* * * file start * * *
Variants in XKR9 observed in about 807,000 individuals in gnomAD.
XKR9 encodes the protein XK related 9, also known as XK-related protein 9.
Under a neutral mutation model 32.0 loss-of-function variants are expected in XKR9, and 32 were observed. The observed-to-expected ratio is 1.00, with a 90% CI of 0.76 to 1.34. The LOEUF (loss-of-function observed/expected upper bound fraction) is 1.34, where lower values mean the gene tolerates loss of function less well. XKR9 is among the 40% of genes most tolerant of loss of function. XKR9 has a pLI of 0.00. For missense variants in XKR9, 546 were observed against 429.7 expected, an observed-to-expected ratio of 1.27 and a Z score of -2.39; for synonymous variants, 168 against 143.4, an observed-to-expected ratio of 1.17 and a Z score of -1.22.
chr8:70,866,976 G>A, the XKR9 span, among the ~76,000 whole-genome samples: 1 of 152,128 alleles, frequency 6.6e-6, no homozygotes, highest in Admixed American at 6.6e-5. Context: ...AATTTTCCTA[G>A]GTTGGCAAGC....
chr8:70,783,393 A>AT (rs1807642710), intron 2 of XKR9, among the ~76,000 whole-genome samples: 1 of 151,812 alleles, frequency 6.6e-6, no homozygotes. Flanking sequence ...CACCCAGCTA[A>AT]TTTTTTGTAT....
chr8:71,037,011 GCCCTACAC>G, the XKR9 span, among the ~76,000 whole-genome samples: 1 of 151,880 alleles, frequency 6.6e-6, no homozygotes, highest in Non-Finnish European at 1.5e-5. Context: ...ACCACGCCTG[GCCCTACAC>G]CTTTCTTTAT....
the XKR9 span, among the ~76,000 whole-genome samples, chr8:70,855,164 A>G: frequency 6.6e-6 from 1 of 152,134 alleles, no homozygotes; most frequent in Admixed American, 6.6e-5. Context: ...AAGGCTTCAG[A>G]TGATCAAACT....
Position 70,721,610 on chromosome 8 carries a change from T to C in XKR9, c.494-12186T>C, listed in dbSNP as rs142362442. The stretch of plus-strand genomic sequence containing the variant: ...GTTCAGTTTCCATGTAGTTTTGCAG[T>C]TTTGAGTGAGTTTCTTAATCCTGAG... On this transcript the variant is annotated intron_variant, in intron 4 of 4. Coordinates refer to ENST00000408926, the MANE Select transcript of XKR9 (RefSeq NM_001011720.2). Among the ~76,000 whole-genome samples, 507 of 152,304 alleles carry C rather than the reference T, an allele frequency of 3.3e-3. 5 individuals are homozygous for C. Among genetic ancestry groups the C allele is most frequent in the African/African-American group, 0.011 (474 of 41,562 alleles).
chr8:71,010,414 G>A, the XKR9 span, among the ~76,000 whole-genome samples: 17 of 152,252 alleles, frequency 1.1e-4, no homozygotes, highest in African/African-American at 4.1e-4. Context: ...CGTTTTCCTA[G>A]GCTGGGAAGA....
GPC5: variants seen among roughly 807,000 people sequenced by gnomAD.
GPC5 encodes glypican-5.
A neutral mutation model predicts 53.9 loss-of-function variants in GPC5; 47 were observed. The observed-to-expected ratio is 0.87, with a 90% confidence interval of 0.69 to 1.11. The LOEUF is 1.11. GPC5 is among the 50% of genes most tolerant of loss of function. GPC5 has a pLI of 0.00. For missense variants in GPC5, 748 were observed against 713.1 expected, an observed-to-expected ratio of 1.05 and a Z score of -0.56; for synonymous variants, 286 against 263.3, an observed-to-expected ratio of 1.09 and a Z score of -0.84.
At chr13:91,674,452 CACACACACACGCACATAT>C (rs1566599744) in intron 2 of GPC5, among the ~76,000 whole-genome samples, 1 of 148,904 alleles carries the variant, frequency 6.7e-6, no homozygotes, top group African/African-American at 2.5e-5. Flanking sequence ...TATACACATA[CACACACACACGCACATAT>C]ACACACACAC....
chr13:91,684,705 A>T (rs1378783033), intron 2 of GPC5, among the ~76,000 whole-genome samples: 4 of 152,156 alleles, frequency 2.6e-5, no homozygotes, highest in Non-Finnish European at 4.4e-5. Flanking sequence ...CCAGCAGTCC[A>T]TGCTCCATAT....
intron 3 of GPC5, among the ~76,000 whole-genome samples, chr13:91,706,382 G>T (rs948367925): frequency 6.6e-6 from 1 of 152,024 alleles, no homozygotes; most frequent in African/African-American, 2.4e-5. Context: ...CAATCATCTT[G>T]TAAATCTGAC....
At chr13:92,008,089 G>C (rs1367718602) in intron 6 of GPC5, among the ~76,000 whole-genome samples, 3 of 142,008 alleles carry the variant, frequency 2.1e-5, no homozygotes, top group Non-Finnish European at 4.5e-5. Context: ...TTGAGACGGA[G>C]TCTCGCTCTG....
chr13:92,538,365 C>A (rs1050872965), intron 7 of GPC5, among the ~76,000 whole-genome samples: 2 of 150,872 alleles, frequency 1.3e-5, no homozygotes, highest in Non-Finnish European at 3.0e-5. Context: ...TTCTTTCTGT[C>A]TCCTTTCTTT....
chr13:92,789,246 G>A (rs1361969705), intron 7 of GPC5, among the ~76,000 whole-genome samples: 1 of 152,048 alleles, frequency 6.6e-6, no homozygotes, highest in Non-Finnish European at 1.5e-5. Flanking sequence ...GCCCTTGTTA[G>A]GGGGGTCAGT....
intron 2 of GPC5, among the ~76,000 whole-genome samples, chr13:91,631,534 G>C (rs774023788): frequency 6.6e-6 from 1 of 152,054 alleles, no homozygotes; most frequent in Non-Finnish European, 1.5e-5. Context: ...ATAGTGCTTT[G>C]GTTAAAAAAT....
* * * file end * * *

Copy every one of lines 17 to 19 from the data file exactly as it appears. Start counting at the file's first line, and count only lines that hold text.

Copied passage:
chr13:92,538,365 C>A (rs1050872965), intron 7 of GPC5, among the ~76,000 whole-genome samples: 2 of 150,872 alleles, frequency 1.3e-5, no homozygotes, highest in Non-Finnish European at 3.0e-5. Context: ...TTCTTTCTGT[C>A]TCCTTTCTTT....
chr13:92,789,246 G>A (rs1361969705), intron 7 of GPC5, among the ~76,000 whole-genome samples: 1 of 152,048 alleles, frequency 6.6e-6, no homozygotes, highest in Non-Finnish European at 1.5e-5. Flanking sequence ...GCCCTTGTTA[G>A]GGGGGTCAGT....
intron 2 of GPC5, among the ~76,000 whole-genome samples, chr13:91,631,534 G>C (rs774023788): frequency 6.6e-6 from 1 of 152,054 alleles, no homozygotes; most frequent in Non-Finnish European, 1.5e-5. Context: ...ATAGTGCTTT[G>C]GTTAAAAAAT....